BELLOWS FALLS—The mantra of the Federal Emergency Management Agency — disaster recovery is a marathon, not a sprint — has definitely been true for Southern Vermont in the nearly three years since flash flooding from Tropical Storm Irene caused millions of dollars of damage to homes, businesses, and public infrastructure.
An assessment of what has been done, and what work remains, was presented at the semi-annual meeting of the Brattleboro Development Credit Corp., held in Bellows Falls April 22.
The biggest legacy has been the increased level of cooperation between Windham and Bennington counties.
BDCC teamed up with the Windham and Bennington County regional commissions, and the Bennington County Industrial Corp., with assistance from the federal Economic Development Administration, to provide outreach and assistance to affected communities that would not have been possible otherwise.
“It was a joint effort by all the regional agencies,” said Windham Regional Commission Associate Director Susan McMahon.
“Both counties faced many of the same challenges,” said Bill Colvin, sustainable community development director for the Bennington County Regional Commission. “The flood recovery project has left a legacy of cooperation.”
Having the resources to help business recover also made a difference. A $472,000 grant from the EDA provided initial funding for the Post-Irene Recovery Project, while the state Agency of Commerce and Economic Development provided money for the Community Development Block Grant-Disaster Recovery (CDBG-DR) program.
April Harkness, BDCC’s manager of the CDBG-DR program, said that Windham and Windsor counties received $1.25 million in CDGG-DR grants that benefited 43 flood-damaged businesses, and that she has just applied for a second round of funding — $1.5 million.
“The first round of grants is behind us now, and we hope to get the second round out the door this summer,” said Harkness.
The initial CDBG-DR grants, ranging from $1,000 to $50,000, went to businesses that demonstrated a variety of remaining unmet needs, including repairs, replacing equipment and inventory, creating or retaining jobs, interest rate buy-downs on private loans, rent subsidies, and lost rental revenue.
The process was competitive, with more needs than money to address them.
Cooperation again made the funding possible, Harkness said, as BDCC teamed up with the Springfield Regional Development Corporation to secure and distribute the grants.
Flood Recovery officers Wendy Rae Woods-Hartwell and Anthony Summers said another by-product of the recovery process was that it provided economic development opportunities.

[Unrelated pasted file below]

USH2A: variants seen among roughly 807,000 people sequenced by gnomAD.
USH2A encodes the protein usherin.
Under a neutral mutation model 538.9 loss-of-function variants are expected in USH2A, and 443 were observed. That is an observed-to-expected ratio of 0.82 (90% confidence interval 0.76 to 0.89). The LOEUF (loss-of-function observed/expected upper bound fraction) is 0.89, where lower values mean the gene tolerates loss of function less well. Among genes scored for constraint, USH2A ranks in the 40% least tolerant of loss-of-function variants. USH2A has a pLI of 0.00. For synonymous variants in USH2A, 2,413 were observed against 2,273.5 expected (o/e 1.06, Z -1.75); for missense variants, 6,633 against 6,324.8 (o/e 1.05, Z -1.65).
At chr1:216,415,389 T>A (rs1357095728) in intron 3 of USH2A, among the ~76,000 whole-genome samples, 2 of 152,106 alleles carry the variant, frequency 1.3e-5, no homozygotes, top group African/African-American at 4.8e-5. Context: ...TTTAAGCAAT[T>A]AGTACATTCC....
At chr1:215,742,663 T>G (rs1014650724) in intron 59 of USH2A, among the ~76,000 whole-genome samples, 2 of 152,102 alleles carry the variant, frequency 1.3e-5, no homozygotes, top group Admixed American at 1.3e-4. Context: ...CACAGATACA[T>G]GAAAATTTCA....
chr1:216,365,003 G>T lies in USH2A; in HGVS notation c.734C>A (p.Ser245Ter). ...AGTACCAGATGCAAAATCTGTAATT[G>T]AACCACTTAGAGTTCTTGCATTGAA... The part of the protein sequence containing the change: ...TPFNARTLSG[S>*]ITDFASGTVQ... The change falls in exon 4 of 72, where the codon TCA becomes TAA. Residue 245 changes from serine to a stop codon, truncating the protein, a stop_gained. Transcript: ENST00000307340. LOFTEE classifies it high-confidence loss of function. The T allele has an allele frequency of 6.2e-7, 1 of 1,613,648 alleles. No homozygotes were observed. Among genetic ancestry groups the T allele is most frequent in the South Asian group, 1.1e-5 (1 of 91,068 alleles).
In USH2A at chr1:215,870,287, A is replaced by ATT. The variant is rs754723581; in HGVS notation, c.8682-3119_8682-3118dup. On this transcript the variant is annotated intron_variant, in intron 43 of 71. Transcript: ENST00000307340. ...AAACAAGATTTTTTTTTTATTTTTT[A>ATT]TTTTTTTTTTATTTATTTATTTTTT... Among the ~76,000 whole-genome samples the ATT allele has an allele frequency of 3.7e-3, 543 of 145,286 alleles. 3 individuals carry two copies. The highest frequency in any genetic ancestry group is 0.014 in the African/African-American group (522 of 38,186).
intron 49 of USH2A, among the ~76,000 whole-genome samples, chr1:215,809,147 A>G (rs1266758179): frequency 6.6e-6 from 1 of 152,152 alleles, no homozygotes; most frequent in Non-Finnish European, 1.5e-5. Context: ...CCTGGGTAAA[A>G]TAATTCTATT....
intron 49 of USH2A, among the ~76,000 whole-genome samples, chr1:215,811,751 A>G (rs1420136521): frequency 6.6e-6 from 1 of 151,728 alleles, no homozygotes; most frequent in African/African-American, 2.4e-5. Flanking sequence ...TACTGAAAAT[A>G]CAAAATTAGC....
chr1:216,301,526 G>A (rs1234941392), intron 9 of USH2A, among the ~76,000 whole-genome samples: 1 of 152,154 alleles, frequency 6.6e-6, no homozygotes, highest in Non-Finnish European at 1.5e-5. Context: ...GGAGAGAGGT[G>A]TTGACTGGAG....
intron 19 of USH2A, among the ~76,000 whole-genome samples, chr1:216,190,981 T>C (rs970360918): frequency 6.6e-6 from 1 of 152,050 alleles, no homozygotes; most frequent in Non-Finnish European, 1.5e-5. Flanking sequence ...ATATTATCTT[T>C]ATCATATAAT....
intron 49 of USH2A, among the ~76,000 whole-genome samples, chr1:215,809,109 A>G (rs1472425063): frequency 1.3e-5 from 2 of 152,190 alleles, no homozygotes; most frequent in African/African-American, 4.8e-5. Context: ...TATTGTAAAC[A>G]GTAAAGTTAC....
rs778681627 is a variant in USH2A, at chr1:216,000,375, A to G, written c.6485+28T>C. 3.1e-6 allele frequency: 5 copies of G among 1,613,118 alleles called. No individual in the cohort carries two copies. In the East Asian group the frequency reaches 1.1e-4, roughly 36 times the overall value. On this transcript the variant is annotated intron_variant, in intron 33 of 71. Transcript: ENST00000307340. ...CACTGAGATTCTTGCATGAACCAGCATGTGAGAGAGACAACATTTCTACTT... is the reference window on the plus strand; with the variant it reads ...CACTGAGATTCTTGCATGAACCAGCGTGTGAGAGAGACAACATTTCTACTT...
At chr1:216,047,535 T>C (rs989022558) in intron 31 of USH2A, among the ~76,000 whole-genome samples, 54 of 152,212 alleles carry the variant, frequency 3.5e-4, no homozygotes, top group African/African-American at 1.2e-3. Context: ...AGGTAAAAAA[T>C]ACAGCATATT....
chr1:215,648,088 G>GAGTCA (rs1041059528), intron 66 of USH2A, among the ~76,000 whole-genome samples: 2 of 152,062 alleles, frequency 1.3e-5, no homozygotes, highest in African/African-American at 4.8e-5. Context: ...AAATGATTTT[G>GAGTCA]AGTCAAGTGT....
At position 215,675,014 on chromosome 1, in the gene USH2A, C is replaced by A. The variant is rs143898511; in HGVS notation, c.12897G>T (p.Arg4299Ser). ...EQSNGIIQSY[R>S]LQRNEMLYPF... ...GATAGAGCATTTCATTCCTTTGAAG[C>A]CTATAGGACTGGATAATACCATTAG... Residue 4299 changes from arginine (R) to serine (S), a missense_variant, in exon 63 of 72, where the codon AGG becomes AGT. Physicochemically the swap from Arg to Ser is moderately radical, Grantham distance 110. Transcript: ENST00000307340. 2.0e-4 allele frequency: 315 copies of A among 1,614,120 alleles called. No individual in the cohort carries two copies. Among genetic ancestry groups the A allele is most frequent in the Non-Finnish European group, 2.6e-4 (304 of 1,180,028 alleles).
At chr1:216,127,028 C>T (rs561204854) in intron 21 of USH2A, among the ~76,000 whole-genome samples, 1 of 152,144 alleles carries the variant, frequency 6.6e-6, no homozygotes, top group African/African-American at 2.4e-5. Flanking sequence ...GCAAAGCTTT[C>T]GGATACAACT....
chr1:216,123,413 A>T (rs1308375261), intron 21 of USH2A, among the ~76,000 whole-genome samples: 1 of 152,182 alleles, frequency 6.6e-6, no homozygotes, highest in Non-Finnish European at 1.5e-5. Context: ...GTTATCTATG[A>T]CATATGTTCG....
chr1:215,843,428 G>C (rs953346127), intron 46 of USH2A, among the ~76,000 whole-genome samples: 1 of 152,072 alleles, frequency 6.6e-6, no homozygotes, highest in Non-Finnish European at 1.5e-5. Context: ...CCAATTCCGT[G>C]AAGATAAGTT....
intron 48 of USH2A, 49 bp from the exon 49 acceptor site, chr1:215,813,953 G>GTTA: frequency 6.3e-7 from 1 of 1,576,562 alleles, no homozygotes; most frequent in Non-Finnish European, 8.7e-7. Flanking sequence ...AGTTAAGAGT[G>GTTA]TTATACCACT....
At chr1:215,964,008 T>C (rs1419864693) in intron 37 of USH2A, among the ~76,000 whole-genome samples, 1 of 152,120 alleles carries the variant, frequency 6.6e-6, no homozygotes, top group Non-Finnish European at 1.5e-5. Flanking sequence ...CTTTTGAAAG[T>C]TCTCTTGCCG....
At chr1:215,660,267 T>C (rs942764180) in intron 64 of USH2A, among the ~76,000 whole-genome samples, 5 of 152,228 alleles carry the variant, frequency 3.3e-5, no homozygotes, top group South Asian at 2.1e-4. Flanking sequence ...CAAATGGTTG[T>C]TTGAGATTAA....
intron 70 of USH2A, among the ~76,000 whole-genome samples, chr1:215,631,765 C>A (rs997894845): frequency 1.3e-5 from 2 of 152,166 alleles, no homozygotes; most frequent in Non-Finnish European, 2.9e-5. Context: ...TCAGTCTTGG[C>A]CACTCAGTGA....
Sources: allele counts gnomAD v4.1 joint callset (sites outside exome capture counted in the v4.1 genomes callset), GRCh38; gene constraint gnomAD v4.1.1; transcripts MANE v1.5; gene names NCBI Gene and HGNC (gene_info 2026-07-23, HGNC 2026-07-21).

“The [economic] needs we’ve been uncovering will be with us long after the flood recovery is complete,” said Woods-Hartwell.
But they admitted that cooperation went only so far. Not every flood-affected business wanted to participate, due to the extensive documentation and other bureaucratic hassles involved with getting access to the CDBG-DR money, as well as a distrust of the federal government and its emergency management agency.
The economic needs that prevailed prior to Irene and persist three years following are many, and include an aging population, a stagnant economy, and a high cost of living coupled with the lack of jobs that pay a living wage.
Add to that the wild card of how the closing of the Vermont Yankee nuclear power plant at the end of 2014 will affect the regional economy.
Laura Sibilia, BDCC’s economic development director, outlined what could be the way forward for the region post-Irene through the Southern Vermont Sustainable Marketing Program.
Sibilia said BDCC worked to develop a two-pronged plan that would not just attract more visitors to the region, but also entice more people who regularly visit Southern Vermont to live and work here year-round.
Although quality of life usually tops the list of why people want to settle in Vermont, Sibilia said that there are also plenty of reasons why people don’t settle here — high taxation, isolation, and a historical resistance to growth, among them.
But Vermont has several things that differentiate it from other places, she said: it boasts more employee-owned businesses than any other state, and is home to Vermont Businesses for Social Responsibility, the nation’s largest such organization.
That spirit of creativity, innovation, and devotion to ideals beyond the balance sheet are important parts of the Vermont brand, Sibilia said.
“We have a business counterculture. The businesses that are here are passionate about being here,” she explained.
The goal, Sibilia said, is to turn regular visitors into permanent residents — and to attract and keep entrepreneurs who want to embrace the Vermont lifestyle.
Sibilia said the hope is to roll the full campaign out by this fall in Boston, New York, and other Northeastern cities.
Outgoing BDCC Executive Director Pat Moulton Powden, who will be the state’s new secretary of commerce in June, said Southern Vermont faces a lot of challenges but also possesses many opportunities for economic development.
“We’ve got a good team in place, with a group of good, committed people,” she said.
BDCC President Dan Normandeau agreed, saying that although it is disappointing to say goodbye to Moulton Powden after only a year and a half at BDCC, “we have to look at the bigger picture. Pat will be a great asset to Windham County in her new job.”
A search for her successor is underway, he said: “We don’t want to lose our momentum. We’re looking for a top-notch, high-performance candidate.”